Currently the app is only available on the iOS platform but an Android version is in beta version right now.
“The biggest feature we’ve just released in PDF Maps 2.0 is the GPS tracks which was the most widely requested feature,” said Lyttle. “It is the ability for the app to track you as you move while you’re on your map and drop a path that you could then add attributes to and export out for use in other GIS programs. You can export out as KML files or can share between other apps, that’s the iOS program. Android doesn’t have the degree of attribute customization that the iOS has and the measurement tool is not in the same spot. You can save measurements as features on your map and then export them. The biggest requests for the future are multi-page PDFs. Right now they have to be added as single page maps to the atlas. People want to be able load multi-pages, and have better compass functionality.”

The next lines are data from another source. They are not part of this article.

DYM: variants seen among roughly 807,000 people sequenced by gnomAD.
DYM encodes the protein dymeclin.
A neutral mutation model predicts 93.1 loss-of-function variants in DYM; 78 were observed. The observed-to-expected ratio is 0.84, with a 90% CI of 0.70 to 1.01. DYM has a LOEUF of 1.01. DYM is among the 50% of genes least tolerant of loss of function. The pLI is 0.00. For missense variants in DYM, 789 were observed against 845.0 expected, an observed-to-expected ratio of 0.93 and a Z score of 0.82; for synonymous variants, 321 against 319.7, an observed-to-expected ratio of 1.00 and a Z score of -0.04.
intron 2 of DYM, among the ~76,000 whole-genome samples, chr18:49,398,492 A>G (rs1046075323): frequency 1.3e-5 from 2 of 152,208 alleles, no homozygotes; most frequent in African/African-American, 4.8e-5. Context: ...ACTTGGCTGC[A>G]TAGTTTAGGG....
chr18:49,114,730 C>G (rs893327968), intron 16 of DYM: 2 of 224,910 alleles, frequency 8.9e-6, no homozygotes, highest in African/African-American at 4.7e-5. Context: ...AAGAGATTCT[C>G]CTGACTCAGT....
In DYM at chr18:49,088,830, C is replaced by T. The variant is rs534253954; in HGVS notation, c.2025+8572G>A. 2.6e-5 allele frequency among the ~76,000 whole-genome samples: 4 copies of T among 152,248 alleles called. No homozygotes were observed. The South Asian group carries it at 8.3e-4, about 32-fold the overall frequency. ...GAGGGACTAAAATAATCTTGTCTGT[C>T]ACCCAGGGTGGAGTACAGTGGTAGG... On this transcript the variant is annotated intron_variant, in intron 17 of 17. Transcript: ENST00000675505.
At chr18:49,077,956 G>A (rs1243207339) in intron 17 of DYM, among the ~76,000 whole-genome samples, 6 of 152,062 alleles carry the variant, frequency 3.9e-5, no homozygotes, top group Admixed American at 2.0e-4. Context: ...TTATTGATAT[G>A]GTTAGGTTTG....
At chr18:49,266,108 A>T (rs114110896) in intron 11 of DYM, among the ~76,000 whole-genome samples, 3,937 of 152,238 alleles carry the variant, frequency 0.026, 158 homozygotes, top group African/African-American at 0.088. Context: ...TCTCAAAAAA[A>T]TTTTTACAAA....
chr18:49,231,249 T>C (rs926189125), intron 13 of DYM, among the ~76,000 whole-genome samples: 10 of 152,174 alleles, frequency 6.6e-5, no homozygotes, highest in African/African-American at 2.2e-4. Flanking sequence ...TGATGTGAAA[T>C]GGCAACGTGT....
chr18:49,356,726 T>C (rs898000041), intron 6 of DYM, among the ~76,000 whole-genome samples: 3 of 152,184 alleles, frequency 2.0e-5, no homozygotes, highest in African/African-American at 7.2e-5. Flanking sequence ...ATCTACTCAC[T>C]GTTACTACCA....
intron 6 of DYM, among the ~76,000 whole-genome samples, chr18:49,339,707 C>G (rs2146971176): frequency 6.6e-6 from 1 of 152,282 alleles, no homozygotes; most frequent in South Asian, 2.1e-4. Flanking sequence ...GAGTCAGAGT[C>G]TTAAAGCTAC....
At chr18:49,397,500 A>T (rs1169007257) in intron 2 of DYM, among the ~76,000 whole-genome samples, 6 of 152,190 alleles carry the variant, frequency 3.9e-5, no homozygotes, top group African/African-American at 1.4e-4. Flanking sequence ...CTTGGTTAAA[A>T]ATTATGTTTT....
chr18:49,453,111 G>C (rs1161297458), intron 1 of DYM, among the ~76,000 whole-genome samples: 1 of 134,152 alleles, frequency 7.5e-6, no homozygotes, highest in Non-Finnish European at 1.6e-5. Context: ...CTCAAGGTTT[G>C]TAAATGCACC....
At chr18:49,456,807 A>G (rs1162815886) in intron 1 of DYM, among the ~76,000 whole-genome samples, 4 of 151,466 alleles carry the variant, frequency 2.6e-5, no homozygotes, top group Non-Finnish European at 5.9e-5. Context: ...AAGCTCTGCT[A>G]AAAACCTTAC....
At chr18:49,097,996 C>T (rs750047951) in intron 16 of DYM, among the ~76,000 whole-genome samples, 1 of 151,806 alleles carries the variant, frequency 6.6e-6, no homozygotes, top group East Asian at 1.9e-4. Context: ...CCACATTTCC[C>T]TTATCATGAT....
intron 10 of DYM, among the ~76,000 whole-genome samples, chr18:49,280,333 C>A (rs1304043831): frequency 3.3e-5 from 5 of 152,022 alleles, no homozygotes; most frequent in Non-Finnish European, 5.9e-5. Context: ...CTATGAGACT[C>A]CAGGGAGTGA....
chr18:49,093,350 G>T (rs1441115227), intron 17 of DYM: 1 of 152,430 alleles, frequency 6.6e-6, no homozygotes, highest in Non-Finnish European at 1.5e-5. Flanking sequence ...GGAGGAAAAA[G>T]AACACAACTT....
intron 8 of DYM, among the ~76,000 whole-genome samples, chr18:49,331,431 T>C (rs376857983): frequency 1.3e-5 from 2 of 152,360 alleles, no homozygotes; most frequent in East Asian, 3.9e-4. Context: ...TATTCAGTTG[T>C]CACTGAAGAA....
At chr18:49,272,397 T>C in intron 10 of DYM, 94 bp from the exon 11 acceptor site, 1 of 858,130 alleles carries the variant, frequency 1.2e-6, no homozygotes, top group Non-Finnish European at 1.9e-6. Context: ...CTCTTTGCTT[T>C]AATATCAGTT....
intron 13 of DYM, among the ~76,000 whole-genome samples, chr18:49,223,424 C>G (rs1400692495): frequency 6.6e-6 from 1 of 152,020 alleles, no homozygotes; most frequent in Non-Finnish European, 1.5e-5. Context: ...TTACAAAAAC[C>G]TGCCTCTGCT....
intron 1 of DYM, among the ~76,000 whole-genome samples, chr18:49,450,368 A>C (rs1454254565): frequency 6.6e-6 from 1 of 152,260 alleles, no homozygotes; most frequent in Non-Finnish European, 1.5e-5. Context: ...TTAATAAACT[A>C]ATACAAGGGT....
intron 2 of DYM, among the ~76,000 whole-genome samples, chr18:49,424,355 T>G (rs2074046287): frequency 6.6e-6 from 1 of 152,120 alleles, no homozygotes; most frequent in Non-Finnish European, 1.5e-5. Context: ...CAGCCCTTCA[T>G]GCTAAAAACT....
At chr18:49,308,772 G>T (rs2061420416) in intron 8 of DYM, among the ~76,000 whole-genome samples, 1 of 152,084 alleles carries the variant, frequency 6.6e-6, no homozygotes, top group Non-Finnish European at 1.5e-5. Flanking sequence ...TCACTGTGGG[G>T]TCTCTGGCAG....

The app can already import GeoPDFs. Since they are proprietary to Terrago, and they do their own annotation, it will depend upon the annotation already done before it can be imported.
PDF Maps app 2.0 is available now on the iTunes App Store free of charge for personal and private use. Commerical, government and academic use licensing is available for a nominal fee. For more information about PDF Maps, visit the Avenza website at http://www.avenza.com or the PDF Maps website at http://www.pdf-maps.com/. Pricing of each map is set by the publisher and free maps remain free to users through the PDF Maps app in-app store.